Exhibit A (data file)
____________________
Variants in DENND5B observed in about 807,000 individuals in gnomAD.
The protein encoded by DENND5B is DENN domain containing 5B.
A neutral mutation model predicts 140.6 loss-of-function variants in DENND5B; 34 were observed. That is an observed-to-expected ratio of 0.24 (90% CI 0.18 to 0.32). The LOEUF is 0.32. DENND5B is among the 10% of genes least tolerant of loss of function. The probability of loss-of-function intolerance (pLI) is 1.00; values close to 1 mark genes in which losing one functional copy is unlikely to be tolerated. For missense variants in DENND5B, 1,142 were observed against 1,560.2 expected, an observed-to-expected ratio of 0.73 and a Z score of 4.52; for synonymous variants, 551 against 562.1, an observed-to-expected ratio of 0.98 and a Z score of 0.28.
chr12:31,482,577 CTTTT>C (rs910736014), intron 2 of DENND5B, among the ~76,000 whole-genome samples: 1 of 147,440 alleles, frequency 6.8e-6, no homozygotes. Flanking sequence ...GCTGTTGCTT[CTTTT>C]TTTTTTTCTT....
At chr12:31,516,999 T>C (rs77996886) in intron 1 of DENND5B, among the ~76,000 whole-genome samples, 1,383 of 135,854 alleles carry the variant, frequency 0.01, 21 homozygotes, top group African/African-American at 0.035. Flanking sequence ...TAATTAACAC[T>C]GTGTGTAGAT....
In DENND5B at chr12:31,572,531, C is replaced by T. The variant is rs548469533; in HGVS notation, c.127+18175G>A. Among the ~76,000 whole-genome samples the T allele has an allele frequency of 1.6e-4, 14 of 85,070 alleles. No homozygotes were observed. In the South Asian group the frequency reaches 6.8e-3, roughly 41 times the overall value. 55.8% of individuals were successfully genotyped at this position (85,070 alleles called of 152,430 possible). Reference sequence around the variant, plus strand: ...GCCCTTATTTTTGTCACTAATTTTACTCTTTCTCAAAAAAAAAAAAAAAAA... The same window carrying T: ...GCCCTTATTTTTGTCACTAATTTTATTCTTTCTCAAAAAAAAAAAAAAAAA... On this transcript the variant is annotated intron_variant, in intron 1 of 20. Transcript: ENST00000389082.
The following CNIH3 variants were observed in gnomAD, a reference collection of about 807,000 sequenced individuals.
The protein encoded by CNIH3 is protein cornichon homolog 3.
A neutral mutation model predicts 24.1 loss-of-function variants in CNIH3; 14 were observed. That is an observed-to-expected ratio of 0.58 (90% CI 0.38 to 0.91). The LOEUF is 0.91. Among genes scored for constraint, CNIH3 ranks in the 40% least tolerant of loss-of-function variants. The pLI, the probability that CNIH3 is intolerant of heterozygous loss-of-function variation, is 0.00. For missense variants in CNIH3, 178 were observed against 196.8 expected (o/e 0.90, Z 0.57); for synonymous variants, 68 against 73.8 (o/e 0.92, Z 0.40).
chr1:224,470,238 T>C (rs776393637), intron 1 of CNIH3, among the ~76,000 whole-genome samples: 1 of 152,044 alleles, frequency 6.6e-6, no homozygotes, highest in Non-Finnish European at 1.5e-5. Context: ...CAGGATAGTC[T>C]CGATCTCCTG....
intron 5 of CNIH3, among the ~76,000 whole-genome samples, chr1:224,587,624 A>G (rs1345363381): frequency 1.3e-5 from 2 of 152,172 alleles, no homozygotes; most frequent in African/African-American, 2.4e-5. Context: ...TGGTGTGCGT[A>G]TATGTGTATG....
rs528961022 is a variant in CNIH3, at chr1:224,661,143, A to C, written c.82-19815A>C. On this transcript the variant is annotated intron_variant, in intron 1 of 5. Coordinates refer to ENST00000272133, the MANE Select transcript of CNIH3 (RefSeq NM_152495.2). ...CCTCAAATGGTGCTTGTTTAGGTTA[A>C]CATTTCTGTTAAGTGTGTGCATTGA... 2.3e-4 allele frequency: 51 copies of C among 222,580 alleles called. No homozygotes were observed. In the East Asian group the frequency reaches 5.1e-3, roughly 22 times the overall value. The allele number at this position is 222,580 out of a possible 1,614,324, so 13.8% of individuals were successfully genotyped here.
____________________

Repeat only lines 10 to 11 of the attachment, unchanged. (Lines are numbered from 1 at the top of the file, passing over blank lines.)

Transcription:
chr1:224,470,238 T>C (rs776393637), intron 1 of CNIH3, among the ~76,000 whole-genome samples: 1 of 152,044 alleles, frequency 6.6e-6, no homozygotes, highest in Non-Finnish European at 1.5e-5. Context: ...CAGGATAGTC[T>C]CGATCTCCTG....
intron 5 of CNIH3, among the ~76,000 whole-genome samples, chr1:224,587,624 A>G (rs1345363381): frequency 1.3e-5 from 2 of 152,172 alleles, no homozygotes; most frequent in African/African-American, 2.4e-5. Context: ...TGGTGTGCGT[A>G]TATGTGTATG....